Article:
Even 60 years after the conclusion of the Elysee Treaty, there is still no international or European public sphere. Although many political and social issues affect France and Germany equally, discussions and solutions often take place separeately in each country. In journalism, national politicians are interviewed, national experts give their opinions and the countries’ own interests and protagonists are shown. The project Futur2 provides the audience and readers with international, especially French-German topics, from an international point of view.
54 journalism students from two universities – from the journalism department at the Catholic University of Eichstätt-Ingolstadt and from the CELSA journalism school at Sorbonne University – met in Cologne to work together on topics such as nuclear energy, police violence, eating habits in France and Germany and its deep cultural roots, on gender pay gap across cultures, gender sensitive language, feminism in politics or food waste: Continuer la lecture de « French-German journalism #Futur2 »
Inclusive language has been debated for several decades in France and Germany. Some see it as a feminist advance and an issue of visibility for women in society. But others find it unnecessary or even degrading for their language. A comparative view on the debate via political science, history and (variations) linguistics.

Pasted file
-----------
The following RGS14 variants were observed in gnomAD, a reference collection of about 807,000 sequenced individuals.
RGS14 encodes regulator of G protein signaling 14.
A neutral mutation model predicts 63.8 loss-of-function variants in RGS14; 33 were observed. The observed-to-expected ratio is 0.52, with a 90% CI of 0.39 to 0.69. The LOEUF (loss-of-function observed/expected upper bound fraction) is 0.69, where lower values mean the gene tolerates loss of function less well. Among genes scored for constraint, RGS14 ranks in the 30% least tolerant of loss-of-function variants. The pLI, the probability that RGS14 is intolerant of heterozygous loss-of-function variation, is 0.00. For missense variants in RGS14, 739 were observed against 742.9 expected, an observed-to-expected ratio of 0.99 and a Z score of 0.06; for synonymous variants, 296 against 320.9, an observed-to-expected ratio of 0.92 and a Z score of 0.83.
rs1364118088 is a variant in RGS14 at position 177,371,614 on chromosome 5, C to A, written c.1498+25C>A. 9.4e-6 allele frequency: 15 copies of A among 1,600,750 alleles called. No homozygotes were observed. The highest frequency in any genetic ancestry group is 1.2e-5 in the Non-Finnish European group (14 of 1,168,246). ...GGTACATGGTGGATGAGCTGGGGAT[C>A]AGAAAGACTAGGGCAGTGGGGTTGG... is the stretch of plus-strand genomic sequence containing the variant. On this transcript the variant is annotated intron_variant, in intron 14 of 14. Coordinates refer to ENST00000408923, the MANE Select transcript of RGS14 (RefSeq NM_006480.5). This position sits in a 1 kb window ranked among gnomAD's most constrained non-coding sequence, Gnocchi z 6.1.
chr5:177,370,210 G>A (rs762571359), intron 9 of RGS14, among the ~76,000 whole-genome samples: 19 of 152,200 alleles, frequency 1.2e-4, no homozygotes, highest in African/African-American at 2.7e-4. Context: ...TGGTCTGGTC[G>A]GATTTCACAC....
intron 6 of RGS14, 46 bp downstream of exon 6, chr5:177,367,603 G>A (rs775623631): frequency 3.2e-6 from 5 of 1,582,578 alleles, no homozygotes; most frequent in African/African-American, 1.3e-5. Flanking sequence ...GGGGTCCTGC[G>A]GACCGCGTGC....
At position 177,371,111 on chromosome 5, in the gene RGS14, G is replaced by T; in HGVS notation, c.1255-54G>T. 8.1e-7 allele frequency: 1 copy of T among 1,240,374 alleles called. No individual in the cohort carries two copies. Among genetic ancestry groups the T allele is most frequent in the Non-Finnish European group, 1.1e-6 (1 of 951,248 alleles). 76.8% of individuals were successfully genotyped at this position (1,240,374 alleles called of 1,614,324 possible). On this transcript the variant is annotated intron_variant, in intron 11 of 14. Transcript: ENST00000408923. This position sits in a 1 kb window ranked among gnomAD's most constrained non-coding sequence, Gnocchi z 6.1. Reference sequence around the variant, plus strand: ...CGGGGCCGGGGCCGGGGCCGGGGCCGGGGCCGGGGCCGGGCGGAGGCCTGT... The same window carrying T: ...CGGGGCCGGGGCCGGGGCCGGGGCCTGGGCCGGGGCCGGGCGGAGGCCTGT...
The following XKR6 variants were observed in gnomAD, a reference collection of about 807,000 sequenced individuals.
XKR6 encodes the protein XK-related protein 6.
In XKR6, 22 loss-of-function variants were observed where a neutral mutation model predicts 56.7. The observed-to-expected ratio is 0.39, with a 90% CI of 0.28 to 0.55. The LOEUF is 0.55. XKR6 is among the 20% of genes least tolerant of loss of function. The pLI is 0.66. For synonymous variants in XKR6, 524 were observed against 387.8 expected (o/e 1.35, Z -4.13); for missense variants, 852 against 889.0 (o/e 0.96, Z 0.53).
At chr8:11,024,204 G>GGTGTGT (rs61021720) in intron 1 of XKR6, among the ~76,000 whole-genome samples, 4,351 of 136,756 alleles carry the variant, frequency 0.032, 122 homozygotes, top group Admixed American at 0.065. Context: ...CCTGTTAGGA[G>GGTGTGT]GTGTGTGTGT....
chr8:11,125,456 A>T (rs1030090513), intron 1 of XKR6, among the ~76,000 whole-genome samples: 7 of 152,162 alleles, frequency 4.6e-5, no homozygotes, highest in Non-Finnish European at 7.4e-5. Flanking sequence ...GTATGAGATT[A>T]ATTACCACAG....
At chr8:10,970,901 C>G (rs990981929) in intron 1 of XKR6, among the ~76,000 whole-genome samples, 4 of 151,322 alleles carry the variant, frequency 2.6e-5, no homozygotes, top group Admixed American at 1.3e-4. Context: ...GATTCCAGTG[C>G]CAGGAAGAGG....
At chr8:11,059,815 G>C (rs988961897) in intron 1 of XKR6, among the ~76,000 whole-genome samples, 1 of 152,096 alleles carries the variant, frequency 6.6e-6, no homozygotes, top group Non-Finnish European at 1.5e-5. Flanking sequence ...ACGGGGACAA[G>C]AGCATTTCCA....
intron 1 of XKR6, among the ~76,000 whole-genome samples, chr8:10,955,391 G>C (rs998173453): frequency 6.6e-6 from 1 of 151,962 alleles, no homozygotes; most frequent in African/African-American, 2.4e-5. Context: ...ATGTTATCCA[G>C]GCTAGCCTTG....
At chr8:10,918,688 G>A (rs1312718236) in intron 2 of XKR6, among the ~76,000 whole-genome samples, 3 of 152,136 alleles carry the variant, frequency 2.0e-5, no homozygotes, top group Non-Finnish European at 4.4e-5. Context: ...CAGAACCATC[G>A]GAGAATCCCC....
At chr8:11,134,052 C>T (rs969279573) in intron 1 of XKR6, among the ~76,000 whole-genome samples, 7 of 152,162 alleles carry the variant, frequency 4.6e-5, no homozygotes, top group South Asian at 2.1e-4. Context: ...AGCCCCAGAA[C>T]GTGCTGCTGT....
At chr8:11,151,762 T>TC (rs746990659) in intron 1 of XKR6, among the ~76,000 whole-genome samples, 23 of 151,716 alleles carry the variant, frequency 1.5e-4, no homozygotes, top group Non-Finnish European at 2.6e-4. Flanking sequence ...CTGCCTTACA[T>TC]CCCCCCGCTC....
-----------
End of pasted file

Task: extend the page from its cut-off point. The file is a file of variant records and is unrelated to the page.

A feminist advance for some, a decline in language for others. Gender sensitive language is constantly debated, both in France and in Germany. But what differences regarding this topic exist between the two neighboring countries? And are there perhaps even similarities? The following article compares both countries in regards to usage and arguments of gender sensitive language, viewpoints of institutions and presents expert opinions, as well as an in-depth interview. Continuer la lecture de « Gender Sensitive Language: A Franco-German Perspective to Understand the Debate #Futur2 »
Nika Shakarami, Hadis Najafi and Sarina Esmailzadeh are three Iranian women lately portrayed by the German Auswertige Amt. The three young women between 16 and 22 years old were Iranian feminists who were beaten or shot to death during protests in 2022. Their fates are just three examples that stand for several hundred other demonstrators of different genders who were killed during protests against the Mullah regime. What they all have in common is that they call themselves feminists, a characterization that can be found in many contexts. What does this term mean and what is behind it that people are even killed for it today? Continuer la lecture de « The Instrumentalisation of Feminism: When Feminist Goals become Rightist Paroles #Futur2 »
Lots of practice in the company, attractive remuneration and good career opportunities after training: A matter of course at a German vocational school. But in France, things look quite different.
German vocational training takes place largely in a dual system, in which trainees are employed in a company and complete the practical part of their training there. At the same time, they attend the vocational school, where the theoretical part of the training takes place. The dual system is an essential pillar for covering the shortage of skilled labor in Germany and is chosen by more than half of the age group as an entry into a skilled professional and gainful employment. Continuer la lecture de « Looking across borders: The great comparison of vocational high schools in Germany and France #Futur2 »